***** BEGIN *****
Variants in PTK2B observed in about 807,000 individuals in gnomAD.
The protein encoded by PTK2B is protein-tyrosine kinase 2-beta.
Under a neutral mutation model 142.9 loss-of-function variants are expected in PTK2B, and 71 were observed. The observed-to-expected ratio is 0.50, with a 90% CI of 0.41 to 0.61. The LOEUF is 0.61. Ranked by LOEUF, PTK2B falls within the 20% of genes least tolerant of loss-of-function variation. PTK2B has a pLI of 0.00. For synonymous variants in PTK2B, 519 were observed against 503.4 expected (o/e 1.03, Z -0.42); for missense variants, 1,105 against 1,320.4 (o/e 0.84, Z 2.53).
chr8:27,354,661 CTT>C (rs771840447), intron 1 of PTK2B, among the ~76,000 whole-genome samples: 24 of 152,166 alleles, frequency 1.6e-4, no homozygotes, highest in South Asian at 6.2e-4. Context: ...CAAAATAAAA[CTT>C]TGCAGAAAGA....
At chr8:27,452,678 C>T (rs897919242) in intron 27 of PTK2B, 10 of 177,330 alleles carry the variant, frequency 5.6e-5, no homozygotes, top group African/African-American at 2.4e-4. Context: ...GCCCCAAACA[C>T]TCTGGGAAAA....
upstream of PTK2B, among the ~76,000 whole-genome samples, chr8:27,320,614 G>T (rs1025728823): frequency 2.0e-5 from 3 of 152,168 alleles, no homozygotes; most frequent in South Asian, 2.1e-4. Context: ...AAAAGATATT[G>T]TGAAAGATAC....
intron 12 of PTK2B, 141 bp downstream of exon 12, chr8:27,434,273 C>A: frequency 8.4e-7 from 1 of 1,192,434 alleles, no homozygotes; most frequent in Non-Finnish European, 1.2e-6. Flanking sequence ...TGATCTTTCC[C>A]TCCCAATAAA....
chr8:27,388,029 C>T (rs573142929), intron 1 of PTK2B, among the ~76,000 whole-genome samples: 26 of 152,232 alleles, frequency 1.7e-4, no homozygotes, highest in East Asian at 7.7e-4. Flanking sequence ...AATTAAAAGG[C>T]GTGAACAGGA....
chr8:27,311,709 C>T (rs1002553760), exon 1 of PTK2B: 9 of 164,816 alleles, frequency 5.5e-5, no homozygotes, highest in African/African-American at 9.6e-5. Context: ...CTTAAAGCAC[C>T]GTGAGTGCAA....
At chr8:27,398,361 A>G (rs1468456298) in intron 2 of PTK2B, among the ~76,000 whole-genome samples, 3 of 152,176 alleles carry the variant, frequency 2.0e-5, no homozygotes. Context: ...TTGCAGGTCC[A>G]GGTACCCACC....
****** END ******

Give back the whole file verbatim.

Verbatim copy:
Variants in PTK2B observed in about 807,000 individuals in gnomAD.
The protein encoded by PTK2B is protein-tyrosine kinase 2-beta.
Under a neutral mutation model 142.9 loss-of-function variants are expected in PTK2B, and 71 were observed. The observed-to-expected ratio is 0.50, with a 90% CI of 0.41 to 0.61. The LOEUF is 0.61. Ranked by LOEUF, PTK2B falls within the 20% of genes least tolerant of loss-of-function variation. PTK2B has a pLI of 0.00. For synonymous variants in PTK2B, 519 were observed against 503.4 expected (o/e 1.03, Z -0.42); for missense variants, 1,105 against 1,320.4 (o/e 0.84, Z 2.53).
chr8:27,354,661 CTT>C (rs771840447), intron 1 of PTK2B, among the ~76,000 whole-genome samples: 24 of 152,166 alleles, frequency 1.6e-4, no homozygotes, highest in South Asian at 6.2e-4. Context: ...CAAAATAAAA[CTT>C]TGCAGAAAGA....
At chr8:27,452,678 C>T (rs897919242) in intron 27 of PTK2B, 10 of 177,330 alleles carry the variant, frequency 5.6e-5, no homozygotes, top group African/African-American at 2.4e-4. Context: ...GCCCCAAACA[C>T]TCTGGGAAAA....
upstream of PTK2B, among the ~76,000 whole-genome samples, chr8:27,320,614 G>T (rs1025728823): frequency 2.0e-5 from 3 of 152,168 alleles, no homozygotes; most frequent in South Asian, 2.1e-4. Context: ...AAAAGATATT[G>T]TGAAAGATAC....
intron 12 of PTK2B, 141 bp downstream of exon 12, chr8:27,434,273 C>A: frequency 8.4e-7 from 1 of 1,192,434 alleles, no homozygotes; most frequent in Non-Finnish European, 1.2e-6. Flanking sequence ...TGATCTTTCC[C>A]TCCCAATAAA....
chr8:27,388,029 C>T (rs573142929), intron 1 of PTK2B, among the ~76,000 whole-genome samples: 26 of 152,232 alleles, frequency 1.7e-4, no homozygotes, highest in East Asian at 7.7e-4. Flanking sequence ...AATTAAAAGG[C>T]GTGAACAGGA....
chr8:27,311,709 C>T (rs1002553760), exon 1 of PTK2B: 9 of 164,816 alleles, frequency 5.5e-5, no homozygotes, highest in African/African-American at 9.6e-5. Context: ...CTTAAAGCAC[C>T]GTGAGTGCAA....
At chr8:27,398,361 A>G (rs1468456298) in intron 2 of PTK2B, among the ~76,000 whole-genome samples, 3 of 152,176 alleles carry the variant, frequency 2.0e-5, no homozygotes. Context: ...TTGCAGGTCC[A>G]GGTACCCACC....